Prioritising Medicines, Negotiating Lives: An Anthropological Inquiry of Pharmaceutical Access in New Zealand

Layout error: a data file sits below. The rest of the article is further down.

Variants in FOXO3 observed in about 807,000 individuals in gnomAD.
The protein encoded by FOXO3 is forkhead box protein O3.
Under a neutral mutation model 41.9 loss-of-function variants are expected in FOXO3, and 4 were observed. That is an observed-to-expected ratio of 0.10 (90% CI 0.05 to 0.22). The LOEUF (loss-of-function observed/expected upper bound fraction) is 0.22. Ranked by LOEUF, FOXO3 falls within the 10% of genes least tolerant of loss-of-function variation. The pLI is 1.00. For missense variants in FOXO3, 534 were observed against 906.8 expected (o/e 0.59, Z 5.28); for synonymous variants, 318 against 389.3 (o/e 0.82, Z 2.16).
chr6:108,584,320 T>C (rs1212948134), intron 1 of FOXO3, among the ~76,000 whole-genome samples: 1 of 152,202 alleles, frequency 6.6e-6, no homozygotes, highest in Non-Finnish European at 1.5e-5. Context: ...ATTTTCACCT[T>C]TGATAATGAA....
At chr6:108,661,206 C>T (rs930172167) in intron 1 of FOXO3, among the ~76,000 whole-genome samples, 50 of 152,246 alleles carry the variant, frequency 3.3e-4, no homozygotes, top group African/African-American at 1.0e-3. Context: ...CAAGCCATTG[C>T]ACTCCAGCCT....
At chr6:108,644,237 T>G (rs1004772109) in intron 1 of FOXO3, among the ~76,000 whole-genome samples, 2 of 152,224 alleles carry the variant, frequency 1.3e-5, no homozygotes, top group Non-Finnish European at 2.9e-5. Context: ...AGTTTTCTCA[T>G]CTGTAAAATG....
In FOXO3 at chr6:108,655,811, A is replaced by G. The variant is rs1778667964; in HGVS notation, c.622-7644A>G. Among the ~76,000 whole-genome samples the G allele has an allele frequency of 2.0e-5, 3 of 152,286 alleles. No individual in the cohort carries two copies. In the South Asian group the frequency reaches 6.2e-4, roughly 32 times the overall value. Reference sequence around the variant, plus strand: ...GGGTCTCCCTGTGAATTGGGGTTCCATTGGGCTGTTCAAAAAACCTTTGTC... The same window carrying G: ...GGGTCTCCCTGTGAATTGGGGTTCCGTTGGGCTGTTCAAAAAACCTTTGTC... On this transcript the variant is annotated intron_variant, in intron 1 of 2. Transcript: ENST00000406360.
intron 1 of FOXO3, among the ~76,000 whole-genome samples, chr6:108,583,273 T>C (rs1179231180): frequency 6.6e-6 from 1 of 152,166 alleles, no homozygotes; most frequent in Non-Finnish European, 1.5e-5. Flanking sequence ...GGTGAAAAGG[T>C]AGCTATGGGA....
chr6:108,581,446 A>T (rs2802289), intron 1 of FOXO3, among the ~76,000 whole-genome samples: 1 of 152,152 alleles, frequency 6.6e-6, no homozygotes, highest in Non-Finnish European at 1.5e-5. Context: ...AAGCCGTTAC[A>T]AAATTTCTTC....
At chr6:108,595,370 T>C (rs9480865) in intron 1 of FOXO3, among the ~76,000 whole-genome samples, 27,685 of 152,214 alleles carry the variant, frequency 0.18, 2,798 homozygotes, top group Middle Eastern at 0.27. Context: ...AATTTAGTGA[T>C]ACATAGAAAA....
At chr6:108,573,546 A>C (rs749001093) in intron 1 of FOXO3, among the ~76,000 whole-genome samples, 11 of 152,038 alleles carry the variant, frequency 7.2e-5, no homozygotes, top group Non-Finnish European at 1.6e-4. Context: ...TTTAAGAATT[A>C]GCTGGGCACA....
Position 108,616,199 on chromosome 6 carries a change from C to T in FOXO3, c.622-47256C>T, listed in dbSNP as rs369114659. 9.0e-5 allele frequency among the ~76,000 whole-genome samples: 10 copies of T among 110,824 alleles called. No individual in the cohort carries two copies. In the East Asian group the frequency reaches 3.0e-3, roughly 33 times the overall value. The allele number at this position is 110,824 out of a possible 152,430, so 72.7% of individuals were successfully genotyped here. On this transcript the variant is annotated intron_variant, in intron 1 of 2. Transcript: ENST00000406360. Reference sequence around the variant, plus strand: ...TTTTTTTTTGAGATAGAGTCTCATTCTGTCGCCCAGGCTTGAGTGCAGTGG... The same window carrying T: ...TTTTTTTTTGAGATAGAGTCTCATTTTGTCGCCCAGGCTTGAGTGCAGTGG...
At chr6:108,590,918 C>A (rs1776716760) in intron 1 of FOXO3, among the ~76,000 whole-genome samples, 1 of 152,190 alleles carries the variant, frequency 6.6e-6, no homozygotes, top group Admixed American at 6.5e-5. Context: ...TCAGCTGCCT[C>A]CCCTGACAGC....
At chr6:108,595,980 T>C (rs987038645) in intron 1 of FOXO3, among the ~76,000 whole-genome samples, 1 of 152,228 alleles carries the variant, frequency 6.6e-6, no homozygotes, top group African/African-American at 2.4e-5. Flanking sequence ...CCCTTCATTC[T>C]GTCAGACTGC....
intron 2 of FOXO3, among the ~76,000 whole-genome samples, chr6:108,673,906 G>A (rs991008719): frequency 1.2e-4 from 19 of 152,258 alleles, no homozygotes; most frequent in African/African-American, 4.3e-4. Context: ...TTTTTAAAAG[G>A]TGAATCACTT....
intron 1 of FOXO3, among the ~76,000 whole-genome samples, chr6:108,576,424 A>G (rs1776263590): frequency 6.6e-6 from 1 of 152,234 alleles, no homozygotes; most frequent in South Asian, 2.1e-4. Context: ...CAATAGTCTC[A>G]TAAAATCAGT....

Pharmaceuticals have become synonymous with ideas of health and wellbeing. The consumption of pharmaceuticals has become the gateway to restoring, maintaining, or improving one’s health; in turn becoming deeply entrenched in everyday life as treatment for disease. Given the use of pharmaceuticals for treatment, the question needs to be asked how individuals are able to obtain the medication they need. There is little anthropological literature concerning how patients negotiate and lobby for access to pharmaceutical treatment in New Zealand, particularly so in the face of Pharmac as the government entity which heavily regulates pharmaceuticals. Through conducting interviews with nine participants who are patients, general practitioners, and employees of Pharmac, I argue that in utilising policies such as cost utility analysis Pharmac prioritise which medicines are publically funded, and in doing this determine how health is conceived and calculated within the New Zealand health care system. In determining which medicines should be funded the state is making judgements over which lives are prioritised, and, in turn, who is left to die. I suggest that in the face of being denied access to life-saving drugs patients become mobilised through seeking access to experimental therapies via pharmaceutical companies. By taking these experimental treatments we come to understand that experimentation and risk have become crucial in patients fight for life against the prognosis of an early death from disease.